The government is not only focusing on sporting events to attract visitors. There are efforts to expand the general events calendar, targeting international and domestic visitors in both the leisure and business segments. The country already benefits greatly from business travellers. Indeed, as Meyer told OBG, “There is an increasing understanding [within government] that we can build tourism on the back of trade and vice versa.”
In 2011, some 392,000 people visited South Africa, of which 140,000 entered the country for the purposes of MICE tourism. In July 2012, the tourism minister, Marthinus van Schalkwyk, told delegates at the annual congress of the Southern African Association of the Conference Industry that the country had secured more than 200 international conferences over the next five years.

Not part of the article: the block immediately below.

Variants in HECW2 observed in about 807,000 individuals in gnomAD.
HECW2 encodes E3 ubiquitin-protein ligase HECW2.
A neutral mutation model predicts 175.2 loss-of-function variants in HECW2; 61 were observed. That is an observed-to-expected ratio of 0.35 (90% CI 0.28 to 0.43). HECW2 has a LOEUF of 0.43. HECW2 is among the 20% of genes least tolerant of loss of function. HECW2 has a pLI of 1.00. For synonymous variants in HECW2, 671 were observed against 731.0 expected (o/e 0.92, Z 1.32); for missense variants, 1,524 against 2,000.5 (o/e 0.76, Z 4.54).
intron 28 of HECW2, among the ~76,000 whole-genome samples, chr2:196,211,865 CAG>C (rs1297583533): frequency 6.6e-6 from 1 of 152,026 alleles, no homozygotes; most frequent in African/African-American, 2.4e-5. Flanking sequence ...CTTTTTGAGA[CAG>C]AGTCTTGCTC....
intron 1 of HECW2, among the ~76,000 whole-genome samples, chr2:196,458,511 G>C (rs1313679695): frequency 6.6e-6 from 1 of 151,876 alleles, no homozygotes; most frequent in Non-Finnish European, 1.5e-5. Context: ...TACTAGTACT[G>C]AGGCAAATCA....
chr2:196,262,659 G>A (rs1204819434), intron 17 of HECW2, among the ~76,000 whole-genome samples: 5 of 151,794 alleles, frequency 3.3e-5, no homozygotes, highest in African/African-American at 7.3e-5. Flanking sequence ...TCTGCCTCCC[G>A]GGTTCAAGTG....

Together, these events are expected to attract more than 300,000 delegates and generate R1.6bn ($195m) in revenue. The establishment of the South African Convention Bureau by the tourist ministry, which opened in April 2012, is expected to provide support for 81,500 annual convention delegates and 130 association meetings by 2020, a target that represents 5.3% annual growth.
Business Is Key
The MICE and business segment has started to become a key engine of growth for South African tourism, particularly in the five-star segment. Brian Davidson, group sales and marketing director of Legacy Hotels and Resorts, told OBG. “There is growing confidence in the South African corporate market and we have also seen an increased interest in incentives. Events have also done rather well in Cape Town and Durban.” The bureau and the Ministry of Tourism hope to achieve their ambitions by drawing on the country’s now-established track record for successfully hosting large-scale international events, and they seem well poised to do so.